The number one rule with patents is, patents are only as enforceable as you have a bank roll to enforce them. Also, you have to know that someone is producing your product. You will be the police for your patent(s).
In the case of our gloves, we've determined that we do need patent protection. Think about it, we've honed in on making a measurement on the human hand intellectual property as it relates to gloves. That means, once we're fully patent protected, no one can make a glove that fits a child's hand without paying us a royalty. Think about that for a second (I know I am!). That's huge! So yes, we needed to go get us a patent.
The flip side is with a gadget, of some kind. I'm not belittling gadgets, I love them, you just have to look at where you want to spend your cash. Do you want to pay big bucks and big time getting a patent, only to be knocked off anyway, and now you have no money left to go after the people who knocked you up, I mean off! Laughing! Only a woman will really find that funny. In many cases, it pays to be the first to get your product to market, then take it to the biggest guy likely to knock you off, and see if you can license (I'll explain this in my next post) your idea to them. In many cases, they will pay you a royalty for everyone they sell, and you can just collect the checks. You were first, they bought your position, now you can get to the next thing.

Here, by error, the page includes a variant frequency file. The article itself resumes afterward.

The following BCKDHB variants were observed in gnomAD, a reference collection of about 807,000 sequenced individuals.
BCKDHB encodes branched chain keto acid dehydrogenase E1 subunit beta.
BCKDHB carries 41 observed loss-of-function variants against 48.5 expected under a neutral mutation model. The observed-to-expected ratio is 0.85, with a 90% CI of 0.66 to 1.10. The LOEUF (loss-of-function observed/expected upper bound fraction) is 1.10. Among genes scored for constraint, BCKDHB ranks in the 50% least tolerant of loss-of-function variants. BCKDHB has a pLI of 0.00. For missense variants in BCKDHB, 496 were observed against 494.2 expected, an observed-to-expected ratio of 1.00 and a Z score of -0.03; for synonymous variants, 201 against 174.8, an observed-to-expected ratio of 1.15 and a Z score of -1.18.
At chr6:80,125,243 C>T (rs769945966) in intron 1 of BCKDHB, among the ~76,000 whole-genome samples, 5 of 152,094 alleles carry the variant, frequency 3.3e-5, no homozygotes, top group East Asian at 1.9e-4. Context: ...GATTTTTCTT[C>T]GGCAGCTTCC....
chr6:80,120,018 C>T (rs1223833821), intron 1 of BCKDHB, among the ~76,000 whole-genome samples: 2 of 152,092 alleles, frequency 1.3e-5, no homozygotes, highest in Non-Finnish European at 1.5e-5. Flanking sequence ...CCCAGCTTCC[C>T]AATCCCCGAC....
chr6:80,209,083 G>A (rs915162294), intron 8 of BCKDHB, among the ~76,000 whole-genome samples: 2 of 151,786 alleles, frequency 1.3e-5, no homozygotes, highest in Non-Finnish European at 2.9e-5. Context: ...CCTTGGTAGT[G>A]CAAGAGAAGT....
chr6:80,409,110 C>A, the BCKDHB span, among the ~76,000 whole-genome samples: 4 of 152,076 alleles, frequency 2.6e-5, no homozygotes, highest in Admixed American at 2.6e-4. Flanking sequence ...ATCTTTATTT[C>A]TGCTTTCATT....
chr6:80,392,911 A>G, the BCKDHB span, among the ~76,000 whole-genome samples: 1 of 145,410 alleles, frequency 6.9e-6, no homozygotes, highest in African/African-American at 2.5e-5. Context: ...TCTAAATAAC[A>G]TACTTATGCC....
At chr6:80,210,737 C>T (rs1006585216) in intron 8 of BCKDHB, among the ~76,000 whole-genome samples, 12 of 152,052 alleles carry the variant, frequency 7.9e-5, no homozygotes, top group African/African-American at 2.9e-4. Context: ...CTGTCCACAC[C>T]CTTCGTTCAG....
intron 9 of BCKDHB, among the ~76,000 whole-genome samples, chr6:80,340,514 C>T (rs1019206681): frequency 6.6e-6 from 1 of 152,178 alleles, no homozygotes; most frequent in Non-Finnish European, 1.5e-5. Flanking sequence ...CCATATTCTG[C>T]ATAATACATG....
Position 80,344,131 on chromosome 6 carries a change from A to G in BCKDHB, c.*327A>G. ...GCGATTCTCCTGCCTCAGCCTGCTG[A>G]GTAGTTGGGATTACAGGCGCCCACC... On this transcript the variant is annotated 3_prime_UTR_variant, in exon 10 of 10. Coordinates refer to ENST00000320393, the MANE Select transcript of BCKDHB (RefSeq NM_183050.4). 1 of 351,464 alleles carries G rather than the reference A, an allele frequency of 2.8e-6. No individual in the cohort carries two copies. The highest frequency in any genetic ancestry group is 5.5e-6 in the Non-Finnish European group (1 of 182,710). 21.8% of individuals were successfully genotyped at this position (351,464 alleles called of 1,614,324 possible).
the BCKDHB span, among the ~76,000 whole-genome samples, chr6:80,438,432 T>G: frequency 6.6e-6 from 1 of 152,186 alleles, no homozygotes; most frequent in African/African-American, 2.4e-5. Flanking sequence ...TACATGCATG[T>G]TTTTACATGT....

Another piece of info that seems to be floating around out there, is that you need to write down your idea on a plain piece of paper, seal it in an envelope, and mail it to yourself. When you get it, don't open it. Save it for if you ever need to prove this was you idea, the postmark will be legal tender. In fact, what you really need to do, is file a provisional patent application with the United States Patent and Trade Mark Office (www.USPTO.gov) and this will give you a full year to test drive your idea with the proper protection. You need to file your full patent application within one year of the filing date of the provisional, but this is the safer way to go. It costs $105. What happens is, the USPTO logs your idea, doesn't even look at it, and gives you a registration number. If someone tries to steal it, you can reference your registration number, at this time they will look at the idea, and determine that you had rights first. This is also a gray area, because is someone filed a provisional before you, there would be no way to know. In that case, should you find each other in the marketplace, the one who filed first, wins.
So to recap:
- Determine if you need a patent
- If you want to test drive your product, apply for a provisional patent.
- If you don't need a patent, get to creating, prototyping, testing, and producing your product.
- If you do need a patent, find a good attorney. I don't advise doing this on your own unless you've done it before, or know someone who has.
- My attorney is Barbara Luther, The Luther Law Firm, 480-344-7745, http://www.thelutherlawfirm.com/ I highly recommend her!